Stephen Miller ac­tu­ally may help with im­mi­gra­tion pol­icy

Austin American-Statesman - - BALANCED VIEWS - Ross Douthat He writes for the New York Times.

Af­ter 12 years of failed at­tempts at im­mi­gra­tion re­form, the cur­rent round of ne­go­ti­a­tions is turn­ing on a strangely per­son­al­ized ques­tion: When a deal is be­ing made, should Stephen Miller be at the ta­ble?

Miller is the White House’s point man for im­mi­gra­tion pol­icy (and for strange and stri­dent en­coun­ters with the press). He is also a re­stric­tion­ist: He wants a pol­icy that fa­vors skills­based re­cruit­ment over ex­tended fam­i­lies, and he wants a lower im­mi­gra­tion rate over­all.

His crit­ics say he just wants to keep Amer­ica as white as pos­si­ble, and that by even bring­ing him to meet­ings Trump is mak­ing a deal im­pos­si­ble to reach.

The crit­ics are right about this much: Hav­ing some­one like Miller in­volved is a change from the way prior ne­go­ti­a­tions have pro­ceeded. As Jim An­tle points out in a col­umn for The Week, those ne­go­ti­a­tions have been con­sis­tently bi­par­ti­san, bring­ing to­gether John McCain and Ted Kennedy, Marco Ru­bio and Chuck Schumer, now Lind­sey Gra­ham and Dick Durbin — but “they have mostly taken place be­tween peo­ple who are fun­da­men­tally in agree­ment,” who fa­vor both amnesty and re­forms that would prob­a­bly in­crease im­mi­gra­tion rates.

The prob­lem with this ap­proach is that it doesn’t rep­re­sent the ac­tual di­vi­sions in the coun­try. About a third of Amer­i­cans fa­vor the cur­rent trend; slightly fewer want higher rates; and about a third, like Miller, want im­mi­gra­tion re­duced.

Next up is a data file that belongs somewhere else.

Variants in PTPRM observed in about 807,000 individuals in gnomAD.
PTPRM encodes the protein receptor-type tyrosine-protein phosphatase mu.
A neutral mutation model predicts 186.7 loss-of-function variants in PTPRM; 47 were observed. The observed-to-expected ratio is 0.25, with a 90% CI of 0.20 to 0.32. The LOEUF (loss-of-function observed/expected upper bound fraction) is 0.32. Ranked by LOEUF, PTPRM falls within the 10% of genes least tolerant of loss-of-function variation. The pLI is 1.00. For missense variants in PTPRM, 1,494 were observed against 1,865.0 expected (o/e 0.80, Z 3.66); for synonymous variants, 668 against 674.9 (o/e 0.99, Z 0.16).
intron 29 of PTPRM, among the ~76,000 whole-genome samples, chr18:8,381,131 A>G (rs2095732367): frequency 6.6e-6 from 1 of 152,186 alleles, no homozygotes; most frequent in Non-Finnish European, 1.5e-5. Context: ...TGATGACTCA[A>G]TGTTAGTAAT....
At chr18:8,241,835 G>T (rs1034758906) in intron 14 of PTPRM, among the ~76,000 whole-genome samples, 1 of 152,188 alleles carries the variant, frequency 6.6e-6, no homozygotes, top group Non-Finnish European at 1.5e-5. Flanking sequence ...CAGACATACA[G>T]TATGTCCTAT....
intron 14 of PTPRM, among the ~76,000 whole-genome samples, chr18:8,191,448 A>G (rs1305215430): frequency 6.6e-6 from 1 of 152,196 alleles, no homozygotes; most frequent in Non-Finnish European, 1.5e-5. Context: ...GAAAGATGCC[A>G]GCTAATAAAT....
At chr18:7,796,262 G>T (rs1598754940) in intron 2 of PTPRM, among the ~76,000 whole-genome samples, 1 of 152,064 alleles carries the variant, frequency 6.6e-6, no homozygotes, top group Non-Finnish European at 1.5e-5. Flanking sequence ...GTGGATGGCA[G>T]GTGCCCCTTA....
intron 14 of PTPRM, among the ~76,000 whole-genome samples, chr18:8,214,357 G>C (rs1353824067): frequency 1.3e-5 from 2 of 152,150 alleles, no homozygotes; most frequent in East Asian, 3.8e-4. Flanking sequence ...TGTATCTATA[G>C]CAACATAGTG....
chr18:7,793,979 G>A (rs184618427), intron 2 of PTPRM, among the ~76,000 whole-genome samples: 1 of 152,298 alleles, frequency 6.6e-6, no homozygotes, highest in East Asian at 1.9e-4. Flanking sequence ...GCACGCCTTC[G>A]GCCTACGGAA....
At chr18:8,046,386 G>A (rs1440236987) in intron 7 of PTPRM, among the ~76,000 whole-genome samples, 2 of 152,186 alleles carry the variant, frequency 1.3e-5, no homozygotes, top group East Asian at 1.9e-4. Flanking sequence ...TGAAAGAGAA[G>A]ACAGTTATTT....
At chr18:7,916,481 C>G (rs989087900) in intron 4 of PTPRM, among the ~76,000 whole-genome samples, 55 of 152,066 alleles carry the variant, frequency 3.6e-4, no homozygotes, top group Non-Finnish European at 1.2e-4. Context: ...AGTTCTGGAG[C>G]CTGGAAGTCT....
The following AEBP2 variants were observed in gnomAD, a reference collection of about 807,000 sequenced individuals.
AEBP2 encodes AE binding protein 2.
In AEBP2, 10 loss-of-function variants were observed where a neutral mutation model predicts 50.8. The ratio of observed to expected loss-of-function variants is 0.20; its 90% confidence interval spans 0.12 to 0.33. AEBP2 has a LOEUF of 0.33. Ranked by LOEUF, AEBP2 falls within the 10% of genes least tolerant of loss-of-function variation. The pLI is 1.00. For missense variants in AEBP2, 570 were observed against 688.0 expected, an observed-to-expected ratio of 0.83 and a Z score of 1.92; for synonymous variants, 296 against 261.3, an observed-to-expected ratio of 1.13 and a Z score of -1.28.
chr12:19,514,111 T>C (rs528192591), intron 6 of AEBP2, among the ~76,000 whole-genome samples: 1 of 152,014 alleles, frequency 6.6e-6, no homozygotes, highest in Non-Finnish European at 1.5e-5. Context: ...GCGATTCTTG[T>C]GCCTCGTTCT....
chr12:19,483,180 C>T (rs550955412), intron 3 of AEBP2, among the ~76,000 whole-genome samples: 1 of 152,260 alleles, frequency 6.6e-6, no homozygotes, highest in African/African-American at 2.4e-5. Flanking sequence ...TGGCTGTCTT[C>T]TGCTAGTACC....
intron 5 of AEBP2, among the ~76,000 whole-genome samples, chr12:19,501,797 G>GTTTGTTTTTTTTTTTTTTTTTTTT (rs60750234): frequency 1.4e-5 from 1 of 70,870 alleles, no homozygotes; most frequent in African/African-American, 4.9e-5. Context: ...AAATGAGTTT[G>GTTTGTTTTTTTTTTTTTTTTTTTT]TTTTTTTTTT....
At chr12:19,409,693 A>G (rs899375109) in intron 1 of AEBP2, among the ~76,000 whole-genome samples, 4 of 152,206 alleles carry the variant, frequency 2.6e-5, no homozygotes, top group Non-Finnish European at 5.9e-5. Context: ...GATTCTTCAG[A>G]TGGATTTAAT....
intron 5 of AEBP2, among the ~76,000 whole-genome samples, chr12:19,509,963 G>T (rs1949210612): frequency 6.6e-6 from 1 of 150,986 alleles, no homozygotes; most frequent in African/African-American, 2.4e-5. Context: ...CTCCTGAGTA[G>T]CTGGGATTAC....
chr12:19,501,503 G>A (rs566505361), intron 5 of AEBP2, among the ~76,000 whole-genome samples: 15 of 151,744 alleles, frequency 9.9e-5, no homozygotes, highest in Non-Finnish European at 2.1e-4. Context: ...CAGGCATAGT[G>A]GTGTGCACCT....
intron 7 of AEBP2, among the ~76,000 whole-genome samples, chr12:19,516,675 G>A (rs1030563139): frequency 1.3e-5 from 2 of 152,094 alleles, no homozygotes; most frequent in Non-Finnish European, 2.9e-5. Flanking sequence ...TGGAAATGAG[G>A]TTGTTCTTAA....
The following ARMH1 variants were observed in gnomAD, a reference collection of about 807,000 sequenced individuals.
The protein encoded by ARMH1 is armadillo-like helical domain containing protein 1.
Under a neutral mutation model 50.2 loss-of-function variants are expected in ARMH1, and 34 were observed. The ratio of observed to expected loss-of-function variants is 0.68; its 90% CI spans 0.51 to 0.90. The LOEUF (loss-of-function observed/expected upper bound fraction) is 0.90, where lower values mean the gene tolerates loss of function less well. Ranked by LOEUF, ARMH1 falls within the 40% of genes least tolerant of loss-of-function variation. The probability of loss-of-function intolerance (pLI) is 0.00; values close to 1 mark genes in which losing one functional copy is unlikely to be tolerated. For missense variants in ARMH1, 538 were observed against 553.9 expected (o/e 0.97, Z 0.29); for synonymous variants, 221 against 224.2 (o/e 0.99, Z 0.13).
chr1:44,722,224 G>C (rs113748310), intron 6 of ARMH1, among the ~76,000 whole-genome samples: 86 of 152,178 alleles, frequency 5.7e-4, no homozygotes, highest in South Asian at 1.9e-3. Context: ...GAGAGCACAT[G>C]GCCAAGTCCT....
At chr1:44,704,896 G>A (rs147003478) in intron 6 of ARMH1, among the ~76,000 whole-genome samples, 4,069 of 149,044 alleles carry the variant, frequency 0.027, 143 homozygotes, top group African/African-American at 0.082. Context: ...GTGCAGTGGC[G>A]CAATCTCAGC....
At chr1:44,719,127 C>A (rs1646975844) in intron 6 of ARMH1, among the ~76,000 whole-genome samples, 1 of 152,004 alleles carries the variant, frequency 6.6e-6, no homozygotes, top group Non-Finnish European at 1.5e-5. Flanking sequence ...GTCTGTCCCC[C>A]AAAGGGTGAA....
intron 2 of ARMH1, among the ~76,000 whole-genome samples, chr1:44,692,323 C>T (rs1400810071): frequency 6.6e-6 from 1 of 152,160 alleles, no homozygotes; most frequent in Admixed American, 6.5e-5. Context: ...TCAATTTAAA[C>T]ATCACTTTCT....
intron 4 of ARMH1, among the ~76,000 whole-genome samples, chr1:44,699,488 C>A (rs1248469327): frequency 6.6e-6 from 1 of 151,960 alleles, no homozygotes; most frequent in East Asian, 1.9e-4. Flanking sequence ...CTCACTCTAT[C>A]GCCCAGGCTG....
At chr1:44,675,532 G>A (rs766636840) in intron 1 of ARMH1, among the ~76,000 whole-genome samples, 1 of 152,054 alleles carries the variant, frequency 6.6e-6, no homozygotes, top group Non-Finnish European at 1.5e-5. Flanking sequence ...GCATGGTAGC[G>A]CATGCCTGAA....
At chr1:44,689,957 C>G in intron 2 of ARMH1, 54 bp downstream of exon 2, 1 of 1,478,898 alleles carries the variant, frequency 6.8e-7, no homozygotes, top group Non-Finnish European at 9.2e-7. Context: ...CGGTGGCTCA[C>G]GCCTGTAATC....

Il­le­gal im­mi­gra­tion has slowed over the past decade, and im­mi­gra­tion’s po­ten­tial eco­nomic and hu­man­i­tar­ian ben­e­fits are still con­sid­er­able. And it’s also clear that many re­stric­tion­ists are in­flu­enced by bigotry — with the pres­i­dent’s ex­cre­ment-re­lated re­marks a note­wor­thy il­lus­tra­tion.

This bigotry, from the point of view of many im­mi­gra­tion ad­vo­cates, jus­ti­fies ex­clud­ing real re­stric­tion­ists from the ne­go­ti­at­ing ta­ble. You can give them a lit­tle more money for bor­der se­cu­rity, some prom­ises about re­duc­ing il­le­gal en­try. But you can’t let them play a large role in shap­ing pol­icy. The lim­its of this strat­egy, though, are ev­i­dent in the re­peated fail­ure of “com­pre­hen­sive” re­form, doomed each time by the gulf be­tween the plans of Repub­li­can ne­go­tia­tors and the ac­tual pref­er­ences of their vot­ers.

Maybe it would be worth try­ing to ac­tu­ally ne­go­ti­ate with Miller, rather than telling Trump that he needs to lock his ad­viser in a fil­ing cabi­net, slap on a “be­ware of leop­ard” sign, and hus­tle out to the Rose Gar­den to sign what­ever Durbin and Gra­ham have hashed out.

Es­pe­cially since last week, Trump and Miller ac­tu­ally made an in­ter­est­ing of­fer: an amnesty and even a path to cit­i­zen­ship for DACA re­cip­i­ents and other Dream­ers, more gen­er­ous than what many re­stric­tion­ists fa­vor and with no prom­ise of the new E-Ver­ify en­force­ments con­ser­va­tives of­ten seek, in re­turn for a shift (over many years) to a skills-based pol­icy and a some­what lower im­mi­gra­tion rate.

I don’t know if there’s a deal to be had along those lines; re­stric­tion­ists might rebel, and Democrats might sim­ply not want a grand bar­gain with this pres­i­dent.

But a bar­gain that ac­tu­ally re­flects the shape of public opin­ion, not just the elite con­sen­sus, can hap­pen only with some­one like Miller at the ta­ble.

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